Elizabethkingia anophelis
Elizabethkingia anophelis growing on a blood agar plate. The bacteria is relatively common in the environment but until now has rarely caused infectionsUS Centers for Disease Control

A blood infection caused by the Elizabethkingia anophelis bacteria has killed 18 people in two US states. Officials from the federal Centers for Disease Control have confirmed that the latest death, in Michigan, is linked to the bacteria that has already killed 17 in the neighbouring state of Wisconsin.

The outbreak is the largest recorded in published literature, according to officials. The total number of cases reported so far in Wisconsin is 54. Most of those infected are more than 65-years-old. None have been children. The infection appears to be spreading rapidly north from the first hotspot in south-eastern Wisconsin, and is now in 12 counties.

Federal and state officials are trying to track the source of the infection. "We are keeping every possibility on the table," Wisconsin state health officer Karen McKeown told the Chicago Tribune. "But it does not seem to be spread from person to person."

Governor Scott Walker recently met Wisconsin's Emergency Management team and members of the federal Department Homeland Security to plan the containment of the growing outbreak. The CDC currently has eight investigators on the ground in Wisconsin.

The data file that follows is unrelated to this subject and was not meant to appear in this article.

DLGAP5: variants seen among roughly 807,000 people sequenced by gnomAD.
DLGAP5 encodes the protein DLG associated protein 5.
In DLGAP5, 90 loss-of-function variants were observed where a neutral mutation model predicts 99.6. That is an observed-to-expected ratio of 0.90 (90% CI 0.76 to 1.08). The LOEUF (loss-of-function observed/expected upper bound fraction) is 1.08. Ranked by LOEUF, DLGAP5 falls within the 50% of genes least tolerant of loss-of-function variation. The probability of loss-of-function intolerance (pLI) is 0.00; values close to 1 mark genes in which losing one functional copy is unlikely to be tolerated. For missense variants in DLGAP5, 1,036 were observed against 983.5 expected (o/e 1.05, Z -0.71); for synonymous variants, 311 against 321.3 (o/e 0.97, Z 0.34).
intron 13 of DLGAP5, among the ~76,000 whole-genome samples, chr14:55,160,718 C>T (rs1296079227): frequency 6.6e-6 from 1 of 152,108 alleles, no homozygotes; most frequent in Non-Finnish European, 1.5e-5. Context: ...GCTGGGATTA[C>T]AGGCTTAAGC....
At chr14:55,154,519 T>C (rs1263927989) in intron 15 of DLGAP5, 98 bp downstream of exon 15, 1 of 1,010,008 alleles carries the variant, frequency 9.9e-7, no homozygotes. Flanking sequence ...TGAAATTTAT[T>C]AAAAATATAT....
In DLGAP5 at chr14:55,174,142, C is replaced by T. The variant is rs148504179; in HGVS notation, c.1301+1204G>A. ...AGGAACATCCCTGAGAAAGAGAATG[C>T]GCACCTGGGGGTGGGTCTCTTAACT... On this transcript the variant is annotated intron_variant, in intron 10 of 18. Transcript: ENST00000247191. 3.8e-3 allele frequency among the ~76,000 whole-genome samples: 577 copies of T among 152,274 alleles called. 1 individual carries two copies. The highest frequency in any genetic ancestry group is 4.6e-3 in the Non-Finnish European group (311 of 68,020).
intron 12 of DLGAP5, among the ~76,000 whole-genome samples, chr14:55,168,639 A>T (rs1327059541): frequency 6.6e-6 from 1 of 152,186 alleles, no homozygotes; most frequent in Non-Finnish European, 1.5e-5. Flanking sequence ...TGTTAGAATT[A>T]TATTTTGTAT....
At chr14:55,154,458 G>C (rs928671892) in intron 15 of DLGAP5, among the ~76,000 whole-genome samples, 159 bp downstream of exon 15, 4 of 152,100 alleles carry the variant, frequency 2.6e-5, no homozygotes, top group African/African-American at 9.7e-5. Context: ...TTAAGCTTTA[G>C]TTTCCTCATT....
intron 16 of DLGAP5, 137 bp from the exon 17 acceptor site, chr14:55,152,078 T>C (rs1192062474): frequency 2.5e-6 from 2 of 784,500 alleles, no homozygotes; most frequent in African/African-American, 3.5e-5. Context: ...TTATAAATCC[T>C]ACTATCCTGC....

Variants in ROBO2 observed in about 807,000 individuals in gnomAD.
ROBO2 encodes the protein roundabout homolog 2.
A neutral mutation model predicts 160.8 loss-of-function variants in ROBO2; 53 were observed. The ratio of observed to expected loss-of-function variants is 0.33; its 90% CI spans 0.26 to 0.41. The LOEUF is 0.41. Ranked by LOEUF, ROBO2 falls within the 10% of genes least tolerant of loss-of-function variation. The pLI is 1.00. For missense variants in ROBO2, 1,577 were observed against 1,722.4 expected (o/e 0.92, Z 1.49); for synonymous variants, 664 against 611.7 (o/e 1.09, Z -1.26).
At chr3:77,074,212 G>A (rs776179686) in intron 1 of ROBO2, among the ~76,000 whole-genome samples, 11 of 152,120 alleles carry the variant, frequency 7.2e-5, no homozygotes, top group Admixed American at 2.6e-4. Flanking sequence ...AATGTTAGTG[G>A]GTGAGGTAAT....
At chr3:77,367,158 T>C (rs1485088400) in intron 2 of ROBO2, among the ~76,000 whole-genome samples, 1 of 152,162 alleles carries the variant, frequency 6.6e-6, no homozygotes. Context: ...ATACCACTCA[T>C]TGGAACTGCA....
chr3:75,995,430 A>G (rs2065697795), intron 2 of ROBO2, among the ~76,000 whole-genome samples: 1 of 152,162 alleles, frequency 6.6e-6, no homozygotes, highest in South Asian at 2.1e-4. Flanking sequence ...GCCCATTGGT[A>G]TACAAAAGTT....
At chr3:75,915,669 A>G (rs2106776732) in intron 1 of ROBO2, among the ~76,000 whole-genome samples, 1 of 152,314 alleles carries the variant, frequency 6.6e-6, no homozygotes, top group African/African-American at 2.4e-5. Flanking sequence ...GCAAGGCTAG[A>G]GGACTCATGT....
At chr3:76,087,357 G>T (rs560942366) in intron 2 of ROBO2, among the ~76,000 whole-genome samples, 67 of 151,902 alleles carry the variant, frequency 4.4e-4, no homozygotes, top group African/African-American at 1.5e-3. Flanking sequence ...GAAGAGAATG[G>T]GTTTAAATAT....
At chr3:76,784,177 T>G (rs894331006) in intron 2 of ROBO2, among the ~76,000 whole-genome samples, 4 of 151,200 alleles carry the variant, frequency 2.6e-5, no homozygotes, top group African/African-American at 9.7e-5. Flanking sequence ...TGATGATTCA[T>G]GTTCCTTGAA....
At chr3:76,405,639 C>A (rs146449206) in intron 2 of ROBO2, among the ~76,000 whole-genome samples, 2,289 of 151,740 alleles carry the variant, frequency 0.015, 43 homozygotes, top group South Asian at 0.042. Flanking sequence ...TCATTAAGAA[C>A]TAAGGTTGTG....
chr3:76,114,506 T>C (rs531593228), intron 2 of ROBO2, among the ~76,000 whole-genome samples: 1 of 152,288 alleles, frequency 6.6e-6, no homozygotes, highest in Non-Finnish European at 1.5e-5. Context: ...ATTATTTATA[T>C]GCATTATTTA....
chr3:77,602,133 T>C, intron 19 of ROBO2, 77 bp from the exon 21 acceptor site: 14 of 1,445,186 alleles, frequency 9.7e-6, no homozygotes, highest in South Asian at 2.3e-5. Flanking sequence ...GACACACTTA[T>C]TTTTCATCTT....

The Elizabethkingia is common in the environment. It is a genus of bacteria that has been detected in soil, river water and reservoirs. However, it rarely makes people sick. Illness associated with Elizabethkingia typically affects people with compromised immune systems or serious underlying health conditions. Until now, most outbreaks have been linked to healthcare sites or procedures.

Symptoms include fever, shortness of breath and chills. There may also be cellulitis, a redness and swelling from a skin infection that may feel hot and tender to the touch.